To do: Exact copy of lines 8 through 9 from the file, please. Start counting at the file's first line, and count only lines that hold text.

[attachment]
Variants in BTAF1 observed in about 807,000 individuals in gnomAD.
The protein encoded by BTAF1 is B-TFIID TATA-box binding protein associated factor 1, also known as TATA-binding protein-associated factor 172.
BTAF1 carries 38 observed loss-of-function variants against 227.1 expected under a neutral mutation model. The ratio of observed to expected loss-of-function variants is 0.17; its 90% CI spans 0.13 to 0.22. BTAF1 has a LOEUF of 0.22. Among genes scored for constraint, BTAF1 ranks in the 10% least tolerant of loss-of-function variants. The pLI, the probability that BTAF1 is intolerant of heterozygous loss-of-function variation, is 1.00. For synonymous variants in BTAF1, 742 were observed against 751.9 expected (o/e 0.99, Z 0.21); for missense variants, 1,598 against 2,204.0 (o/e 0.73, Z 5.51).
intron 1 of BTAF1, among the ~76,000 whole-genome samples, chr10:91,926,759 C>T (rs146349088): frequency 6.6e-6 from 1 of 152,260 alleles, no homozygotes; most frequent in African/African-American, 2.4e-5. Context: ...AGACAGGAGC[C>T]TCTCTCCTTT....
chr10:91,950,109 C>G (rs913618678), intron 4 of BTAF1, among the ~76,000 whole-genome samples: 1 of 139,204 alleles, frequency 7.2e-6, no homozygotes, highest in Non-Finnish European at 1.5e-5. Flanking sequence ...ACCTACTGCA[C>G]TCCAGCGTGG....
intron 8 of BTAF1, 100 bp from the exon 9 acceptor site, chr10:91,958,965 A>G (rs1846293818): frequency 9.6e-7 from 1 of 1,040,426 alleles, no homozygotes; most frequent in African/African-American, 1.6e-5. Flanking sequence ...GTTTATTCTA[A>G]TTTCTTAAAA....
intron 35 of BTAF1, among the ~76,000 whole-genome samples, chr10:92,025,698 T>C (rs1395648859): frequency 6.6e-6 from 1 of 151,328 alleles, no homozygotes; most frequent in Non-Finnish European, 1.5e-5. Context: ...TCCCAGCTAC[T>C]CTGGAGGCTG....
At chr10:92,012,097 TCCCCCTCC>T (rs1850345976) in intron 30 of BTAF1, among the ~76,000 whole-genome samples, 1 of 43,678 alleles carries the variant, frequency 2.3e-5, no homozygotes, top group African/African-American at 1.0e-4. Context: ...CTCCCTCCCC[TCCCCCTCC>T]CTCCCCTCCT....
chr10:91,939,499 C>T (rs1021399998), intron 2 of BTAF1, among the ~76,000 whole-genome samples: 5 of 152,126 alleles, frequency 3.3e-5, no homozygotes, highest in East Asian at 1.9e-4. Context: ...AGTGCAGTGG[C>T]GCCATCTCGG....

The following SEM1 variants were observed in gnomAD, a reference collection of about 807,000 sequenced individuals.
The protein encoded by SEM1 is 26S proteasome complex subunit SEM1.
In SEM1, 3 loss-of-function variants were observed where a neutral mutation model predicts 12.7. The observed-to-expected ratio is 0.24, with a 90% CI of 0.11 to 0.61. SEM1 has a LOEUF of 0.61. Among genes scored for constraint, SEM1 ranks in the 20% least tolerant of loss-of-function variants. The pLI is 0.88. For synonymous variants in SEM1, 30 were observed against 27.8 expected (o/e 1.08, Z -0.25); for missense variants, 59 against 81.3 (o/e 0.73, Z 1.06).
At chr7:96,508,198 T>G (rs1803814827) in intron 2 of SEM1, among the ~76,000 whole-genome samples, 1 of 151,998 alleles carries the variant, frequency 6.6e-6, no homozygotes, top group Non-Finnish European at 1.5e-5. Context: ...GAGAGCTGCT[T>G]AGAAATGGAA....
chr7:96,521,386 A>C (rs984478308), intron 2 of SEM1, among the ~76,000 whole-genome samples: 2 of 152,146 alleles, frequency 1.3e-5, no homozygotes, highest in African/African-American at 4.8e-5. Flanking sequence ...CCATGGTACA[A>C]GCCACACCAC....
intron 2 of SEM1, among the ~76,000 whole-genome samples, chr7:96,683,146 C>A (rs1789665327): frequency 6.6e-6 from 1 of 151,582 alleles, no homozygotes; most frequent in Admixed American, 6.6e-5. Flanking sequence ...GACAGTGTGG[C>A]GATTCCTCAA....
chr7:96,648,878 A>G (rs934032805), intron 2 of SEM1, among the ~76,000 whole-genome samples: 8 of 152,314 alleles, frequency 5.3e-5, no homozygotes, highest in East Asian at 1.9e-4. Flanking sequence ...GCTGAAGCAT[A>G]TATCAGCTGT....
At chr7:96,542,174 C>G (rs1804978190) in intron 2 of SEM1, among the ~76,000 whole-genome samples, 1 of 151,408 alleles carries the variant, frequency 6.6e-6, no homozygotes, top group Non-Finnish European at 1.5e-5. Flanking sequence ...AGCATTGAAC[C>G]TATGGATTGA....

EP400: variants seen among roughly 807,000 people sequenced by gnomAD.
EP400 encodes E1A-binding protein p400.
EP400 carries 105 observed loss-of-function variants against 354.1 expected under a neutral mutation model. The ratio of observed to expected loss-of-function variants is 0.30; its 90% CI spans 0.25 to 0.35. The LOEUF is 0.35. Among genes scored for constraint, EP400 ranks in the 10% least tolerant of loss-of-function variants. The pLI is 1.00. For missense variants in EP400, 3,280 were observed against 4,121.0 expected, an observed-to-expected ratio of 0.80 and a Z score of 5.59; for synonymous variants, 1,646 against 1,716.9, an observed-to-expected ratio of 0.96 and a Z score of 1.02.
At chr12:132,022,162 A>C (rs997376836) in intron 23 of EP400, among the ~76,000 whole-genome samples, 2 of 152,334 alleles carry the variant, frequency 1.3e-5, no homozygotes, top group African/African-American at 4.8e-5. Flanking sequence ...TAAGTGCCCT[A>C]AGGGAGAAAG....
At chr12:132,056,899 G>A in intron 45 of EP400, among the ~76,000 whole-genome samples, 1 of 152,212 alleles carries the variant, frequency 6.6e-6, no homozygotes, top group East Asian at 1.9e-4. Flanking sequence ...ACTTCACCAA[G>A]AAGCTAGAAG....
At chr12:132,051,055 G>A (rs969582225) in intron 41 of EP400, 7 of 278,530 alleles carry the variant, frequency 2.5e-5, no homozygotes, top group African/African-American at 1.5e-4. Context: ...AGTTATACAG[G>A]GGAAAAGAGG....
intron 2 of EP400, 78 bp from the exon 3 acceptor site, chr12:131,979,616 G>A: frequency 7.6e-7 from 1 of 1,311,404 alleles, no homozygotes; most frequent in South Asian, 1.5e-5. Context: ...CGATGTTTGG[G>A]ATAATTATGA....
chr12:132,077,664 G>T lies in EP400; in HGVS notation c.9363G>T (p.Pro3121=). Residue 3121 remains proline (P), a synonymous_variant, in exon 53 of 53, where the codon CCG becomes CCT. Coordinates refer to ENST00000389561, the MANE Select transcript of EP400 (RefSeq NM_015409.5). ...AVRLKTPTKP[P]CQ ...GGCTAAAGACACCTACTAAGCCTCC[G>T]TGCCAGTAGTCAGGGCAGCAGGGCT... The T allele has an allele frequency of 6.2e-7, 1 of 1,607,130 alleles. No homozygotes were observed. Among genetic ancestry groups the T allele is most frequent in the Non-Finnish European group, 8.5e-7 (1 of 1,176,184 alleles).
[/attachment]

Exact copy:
At chr10:92,012,097 TCCCCCTCC>T (rs1850345976) in intron 30 of BTAF1, among the ~76,000 whole-genome samples, 1 of 43,678 alleles carries the variant, frequency 2.3e-5, no homozygotes, top group African/African-American at 1.0e-4. Context: ...CTCCCTCCCC[TCCCCCTCC>T]CTCCCCTCCT....
chr10:91,939,499 C>T (rs1021399998), intron 2 of BTAF1, among the ~76,000 whole-genome samples: 5 of 152,126 alleles, frequency 3.3e-5, no homozygotes, highest in East Asian at 1.9e-4. Context: ...AGTGCAGTGG[C>T]GCCATCTCGG....